I am not a very good shooter. Recently I have been shooting better from the 3 point line than I have from inside the paint and I probably shoot 40% from the 3 point line on a good day. My biggest problem is everytime I shoot I make small corrections so I shoot different every time. I know this and tell myself to stop doing it but I guess because I try to teach the game and don't really have that much experince I kind of over correct
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Old 07-09-2011, 10:03 PM   #9
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Default Re: Really in need of help of shot fixing!

IMO, everyone's shooting form are very different. Dirk, Ray, Redd, Nash, Jordan, Kobe, Carter and others , all of their shooting forms are different from each other. But all of them snap their wrist on the release. The key is practice and consistency.
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Old 07-10-2011, 12:35 AM   #10
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Default Re: Really in need of help of shot fixing!

Quote:
Originally Posted by magic14
While this is true for the average person, NBA players are far from average. 99% of them are athletic freaks that are strong enough to shoot half court shots sitting down with no wind up. Most NBA players don't need to use their legs at all but do it out of repetition. If you've seen Wilt Chamberlain play, he had to stand near the three point line on free throws so he wouldn't overshoot it. Or Shaq who has to keep the ball on his fingertips and shoot his free throws like teardrops because he's too strong.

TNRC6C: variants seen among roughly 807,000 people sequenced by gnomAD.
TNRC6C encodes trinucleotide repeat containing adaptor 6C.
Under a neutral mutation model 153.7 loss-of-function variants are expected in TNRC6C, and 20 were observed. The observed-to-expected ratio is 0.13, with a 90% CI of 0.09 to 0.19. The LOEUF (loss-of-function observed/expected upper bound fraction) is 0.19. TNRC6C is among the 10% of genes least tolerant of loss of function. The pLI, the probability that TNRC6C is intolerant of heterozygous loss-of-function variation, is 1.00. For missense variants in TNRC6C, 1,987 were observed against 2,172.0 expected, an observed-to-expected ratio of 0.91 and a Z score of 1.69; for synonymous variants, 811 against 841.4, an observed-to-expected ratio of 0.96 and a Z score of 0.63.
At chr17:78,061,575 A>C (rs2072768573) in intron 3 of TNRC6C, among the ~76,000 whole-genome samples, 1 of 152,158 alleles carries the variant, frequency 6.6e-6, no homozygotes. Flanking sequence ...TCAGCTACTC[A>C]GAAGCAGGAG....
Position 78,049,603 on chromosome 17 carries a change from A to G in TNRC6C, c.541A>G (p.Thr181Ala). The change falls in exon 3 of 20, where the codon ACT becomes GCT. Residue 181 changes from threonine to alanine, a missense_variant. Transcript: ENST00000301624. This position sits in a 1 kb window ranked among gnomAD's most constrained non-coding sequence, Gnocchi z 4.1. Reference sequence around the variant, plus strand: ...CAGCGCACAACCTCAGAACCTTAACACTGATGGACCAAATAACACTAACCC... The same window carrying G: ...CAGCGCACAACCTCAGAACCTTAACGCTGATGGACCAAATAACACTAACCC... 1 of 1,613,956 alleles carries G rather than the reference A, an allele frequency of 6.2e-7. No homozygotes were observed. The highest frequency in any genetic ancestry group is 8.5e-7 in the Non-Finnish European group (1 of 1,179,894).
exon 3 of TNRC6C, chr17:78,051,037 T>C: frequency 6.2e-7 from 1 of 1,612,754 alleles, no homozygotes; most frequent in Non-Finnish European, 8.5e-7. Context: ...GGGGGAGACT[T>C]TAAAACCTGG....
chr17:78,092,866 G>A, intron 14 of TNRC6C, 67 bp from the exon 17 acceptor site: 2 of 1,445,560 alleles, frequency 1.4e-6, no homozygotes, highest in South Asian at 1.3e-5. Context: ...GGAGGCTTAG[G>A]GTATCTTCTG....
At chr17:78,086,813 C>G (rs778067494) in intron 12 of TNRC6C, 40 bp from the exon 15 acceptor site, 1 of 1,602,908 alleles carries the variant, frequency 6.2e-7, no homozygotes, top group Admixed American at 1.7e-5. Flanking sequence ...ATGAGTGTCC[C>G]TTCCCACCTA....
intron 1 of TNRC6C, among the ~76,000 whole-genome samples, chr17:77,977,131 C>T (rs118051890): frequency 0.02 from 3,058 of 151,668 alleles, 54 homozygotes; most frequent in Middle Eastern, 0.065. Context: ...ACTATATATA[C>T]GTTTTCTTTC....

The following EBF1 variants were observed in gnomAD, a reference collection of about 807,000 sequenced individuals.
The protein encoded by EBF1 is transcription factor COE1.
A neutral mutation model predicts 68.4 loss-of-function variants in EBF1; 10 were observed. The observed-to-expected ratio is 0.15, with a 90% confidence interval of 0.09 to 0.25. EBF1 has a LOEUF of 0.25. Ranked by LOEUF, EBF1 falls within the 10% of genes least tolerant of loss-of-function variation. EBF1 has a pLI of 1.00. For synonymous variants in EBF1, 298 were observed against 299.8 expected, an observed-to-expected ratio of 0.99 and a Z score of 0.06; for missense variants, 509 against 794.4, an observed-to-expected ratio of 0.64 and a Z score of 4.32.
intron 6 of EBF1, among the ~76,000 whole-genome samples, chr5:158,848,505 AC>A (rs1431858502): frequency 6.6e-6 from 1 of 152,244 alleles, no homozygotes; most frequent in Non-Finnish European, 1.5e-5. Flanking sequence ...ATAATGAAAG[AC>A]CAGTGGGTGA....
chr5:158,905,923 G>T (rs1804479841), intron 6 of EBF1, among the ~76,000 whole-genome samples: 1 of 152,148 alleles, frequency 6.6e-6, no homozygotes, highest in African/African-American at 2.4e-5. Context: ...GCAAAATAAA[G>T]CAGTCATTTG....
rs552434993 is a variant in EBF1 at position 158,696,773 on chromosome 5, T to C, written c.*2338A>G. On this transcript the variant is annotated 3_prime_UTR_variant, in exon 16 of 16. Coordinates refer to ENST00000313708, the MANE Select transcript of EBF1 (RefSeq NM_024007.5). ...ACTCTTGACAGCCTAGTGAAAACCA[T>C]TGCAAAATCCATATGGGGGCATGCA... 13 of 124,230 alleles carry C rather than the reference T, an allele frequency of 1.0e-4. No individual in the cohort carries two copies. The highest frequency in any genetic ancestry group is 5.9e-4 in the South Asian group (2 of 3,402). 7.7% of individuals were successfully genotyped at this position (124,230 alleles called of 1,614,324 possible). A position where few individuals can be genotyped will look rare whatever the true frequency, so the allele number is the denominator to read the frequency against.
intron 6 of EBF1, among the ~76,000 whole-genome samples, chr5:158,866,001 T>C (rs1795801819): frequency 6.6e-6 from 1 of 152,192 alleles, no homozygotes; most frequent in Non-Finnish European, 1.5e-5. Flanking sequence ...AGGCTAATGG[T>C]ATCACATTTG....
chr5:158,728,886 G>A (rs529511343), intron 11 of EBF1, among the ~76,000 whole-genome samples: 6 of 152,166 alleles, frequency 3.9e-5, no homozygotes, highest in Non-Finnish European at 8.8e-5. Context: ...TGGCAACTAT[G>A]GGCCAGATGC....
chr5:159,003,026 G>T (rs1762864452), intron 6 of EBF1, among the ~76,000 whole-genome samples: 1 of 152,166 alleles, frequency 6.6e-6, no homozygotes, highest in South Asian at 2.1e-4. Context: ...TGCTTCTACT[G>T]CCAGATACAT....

Wilt never played with a 3 point line
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Old 07-10-2011, 02:21 AM   #11
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Default Re: Really in need of help of shot fixing!

Quote:
Originally Posted by 01amberfirewv
Its pretty hard to use NBA players as examples when talking about shooting. I always teach kids to keep their elbow into their side when they shoot but if you watch players like Kobe his always seems to flare out. The difference is Kobe probably takes over a 1000 shots a day. I think he has to make something like 150 in a row before he quits a workout.

Yea most NBA players practiced hours every day by themselves when they were young so some of them became good at shooting in unorthodox ways.
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Old 07-10-2011, 09:07 AM   #12
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Default Re: Really in need of help of shot fixing!

Quote:
Originally Posted by Swaggin916
Wilt never played with a 3 point line
He was talkin about his free throw thing..

Quote:
If you've seen Wilt Chamberlain play, he had to stand near the three point line on free throws so he wouldn't overshoot it.